Three-wing rigs for ships can successfully tackle the problem of Energy Efficiency eXisting ship Index (EEXI) and Engine Power Limitation (EPL), extending the life of current and newbuild vessels, research conducted by London-based auxiliary power system company Windship Technology found.
The new regulatory framework around CO2 emissions for existing shipping come into force in January 2023 and many ship owners are now considering how to meet these through either operational changes or technical alterations.
On 24 May, Windship Technology published proprietary research that allows ship operators, owners and charterers the ability to easily see the positive operational effect that installing just one 36-metre rig can have on their vessel going forward.
These regulations seek to measure the efficiency of ships through the amount of CO2 emitted per tonne per mile of freight carried in a year. Ships will be rated annually, from A, the highest performing, to E the lowest and the results will be recorded in the Ship Energy Efficiency Management Plan (SEEMP). Ships rated D for three consecutive years or E for a single year need to develop an approved corrective action plan as part of the SEEMP.
The International Maritime Organisation (IMO) has currently set a 2% reduction per year on Carbon Intensity Index (CII) requirements until 2025, at which point the reduction will need to increase to get towards the overall IMO CO2 reduction goals of 2050.
Wärtsilä has reported the results of its CII Insight tool, which has predicted that when CII comes into force, about 45% of the fleet is forecast to be in category D, with a further 16% in category E. The company further predicts that, if nothing is done and assuming the IMO trajectory stays constant, by 2030, 81% of the bulker fleet, 57% of tankers and 80% of container ships will be in category E.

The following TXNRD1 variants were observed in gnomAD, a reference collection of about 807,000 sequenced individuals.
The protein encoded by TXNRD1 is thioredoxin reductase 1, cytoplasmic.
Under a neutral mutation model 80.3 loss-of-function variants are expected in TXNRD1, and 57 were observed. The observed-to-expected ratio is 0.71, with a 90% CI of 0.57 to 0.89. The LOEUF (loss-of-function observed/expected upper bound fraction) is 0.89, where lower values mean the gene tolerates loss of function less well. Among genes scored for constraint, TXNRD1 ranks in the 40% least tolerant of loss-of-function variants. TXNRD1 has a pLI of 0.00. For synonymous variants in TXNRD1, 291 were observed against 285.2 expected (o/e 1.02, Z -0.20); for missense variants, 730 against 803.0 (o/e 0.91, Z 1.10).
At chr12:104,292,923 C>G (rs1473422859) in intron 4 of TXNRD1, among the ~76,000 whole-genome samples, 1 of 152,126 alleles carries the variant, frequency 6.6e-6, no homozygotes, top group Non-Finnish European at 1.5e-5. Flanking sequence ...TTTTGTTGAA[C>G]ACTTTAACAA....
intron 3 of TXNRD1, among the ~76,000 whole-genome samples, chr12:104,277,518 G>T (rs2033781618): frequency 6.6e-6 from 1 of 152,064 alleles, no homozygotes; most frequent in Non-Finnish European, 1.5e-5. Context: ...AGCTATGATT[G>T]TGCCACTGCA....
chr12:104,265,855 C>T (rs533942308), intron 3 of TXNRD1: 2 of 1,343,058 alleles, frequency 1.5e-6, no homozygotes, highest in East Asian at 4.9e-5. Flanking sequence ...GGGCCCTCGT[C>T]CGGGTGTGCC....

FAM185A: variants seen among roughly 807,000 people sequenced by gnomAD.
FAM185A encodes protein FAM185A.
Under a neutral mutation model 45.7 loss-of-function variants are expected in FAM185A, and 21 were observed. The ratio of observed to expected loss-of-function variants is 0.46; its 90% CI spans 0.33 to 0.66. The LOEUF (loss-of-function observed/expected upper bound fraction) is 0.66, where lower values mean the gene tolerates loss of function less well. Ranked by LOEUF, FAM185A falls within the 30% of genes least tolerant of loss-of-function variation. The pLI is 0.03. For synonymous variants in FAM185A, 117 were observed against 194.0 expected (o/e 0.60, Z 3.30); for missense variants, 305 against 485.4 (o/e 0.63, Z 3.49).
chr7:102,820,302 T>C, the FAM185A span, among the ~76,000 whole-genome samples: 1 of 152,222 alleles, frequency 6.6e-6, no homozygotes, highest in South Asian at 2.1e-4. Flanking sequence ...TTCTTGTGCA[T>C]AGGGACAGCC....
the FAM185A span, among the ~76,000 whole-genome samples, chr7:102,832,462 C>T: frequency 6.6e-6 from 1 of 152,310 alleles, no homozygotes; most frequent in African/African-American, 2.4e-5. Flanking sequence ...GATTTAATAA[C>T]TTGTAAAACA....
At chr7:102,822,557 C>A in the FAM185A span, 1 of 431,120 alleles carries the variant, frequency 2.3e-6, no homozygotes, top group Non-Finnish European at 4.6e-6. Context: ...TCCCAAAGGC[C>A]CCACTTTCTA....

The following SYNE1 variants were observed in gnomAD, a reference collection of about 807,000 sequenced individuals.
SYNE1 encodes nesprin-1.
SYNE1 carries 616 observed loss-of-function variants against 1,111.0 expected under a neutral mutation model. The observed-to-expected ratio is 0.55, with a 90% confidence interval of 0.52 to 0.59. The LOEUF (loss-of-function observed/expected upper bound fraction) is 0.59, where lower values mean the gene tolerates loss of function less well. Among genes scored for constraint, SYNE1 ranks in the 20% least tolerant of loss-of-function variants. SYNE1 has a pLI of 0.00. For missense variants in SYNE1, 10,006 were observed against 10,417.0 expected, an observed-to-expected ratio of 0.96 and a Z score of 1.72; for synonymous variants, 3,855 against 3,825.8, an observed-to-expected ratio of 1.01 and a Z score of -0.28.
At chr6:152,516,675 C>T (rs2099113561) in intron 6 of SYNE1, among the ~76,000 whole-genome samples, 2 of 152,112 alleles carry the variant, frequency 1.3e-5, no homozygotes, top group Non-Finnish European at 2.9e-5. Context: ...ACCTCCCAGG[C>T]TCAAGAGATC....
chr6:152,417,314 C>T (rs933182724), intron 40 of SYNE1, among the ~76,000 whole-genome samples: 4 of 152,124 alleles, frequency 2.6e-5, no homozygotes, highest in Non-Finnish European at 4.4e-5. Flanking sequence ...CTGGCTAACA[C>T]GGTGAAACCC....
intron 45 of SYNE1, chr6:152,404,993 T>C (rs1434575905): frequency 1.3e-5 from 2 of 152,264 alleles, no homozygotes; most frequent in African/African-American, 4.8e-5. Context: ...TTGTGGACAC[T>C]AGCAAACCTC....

The most common approach to achieving compliance as of 2023 is to reduce the speed of the vessel through engine power limitation (EPL), which will reduce the amount of fuel per tonne per mile used, as ship resistance is proportional to the cube of the speed of the vessel. For some vessels this will be a short-term solution, for others the EPL required may be significant, potentially meaning the engine will be operating well outside of its ideal parameters.
Apart from operational changes such as EPL, owners can implement technical efficiency improvements such as Windship’s rigs.
The performance of the Windship 36-metre rig has been calculated using computational fluid dynamics (CFD). This performance data can then be combined with the EEXI wind matrix to enable the reduction in EEXI for a given vessel to be assessed.
Windship Technology said it had conducted this assessment for a range of vessel dwt to provide owners with a guide as to the powerful effect a single 36-metre rig could have on their ship. This technology can be used in conjunction with EPL if required to achieve compliance. A further benefit of this approach would be to consider adding a second rig if in due course the CII required further reductions.
Clearly, the final EEXI reduction will be dependent on actual ship performance characteristics, however, the graph provides a good indication of the potential, according to Windship.
“This is a known issue that is fast coming down the track and one that ship operators must start addressing. What we have developed with our … rig design is a solution that works in tandem with existing EPL measures but greatly enhances performance. Our assessment is an EPL reduction of some 20-25% depending on the size of the vessel and not only are we extending the operational life of the ships that install Windship Technology rigs but we are making global shipping compliant and faster,” Simon Rogers, Technical Director of Windship Technology, said.
In February last year, Windship unveiled its zero-emission ship design that features a patented triple-wing rig as well as a new diesel-electric ship drive system that eliminates CO2, NOX, SOX and particulate matter. The True Zero design also incorporates large solar arrays, carbon capture, optimised hull shapes and specialised weather routing software.
Several months later, the company secured approval in principle (AiP) from classification society DNV GL for its solution.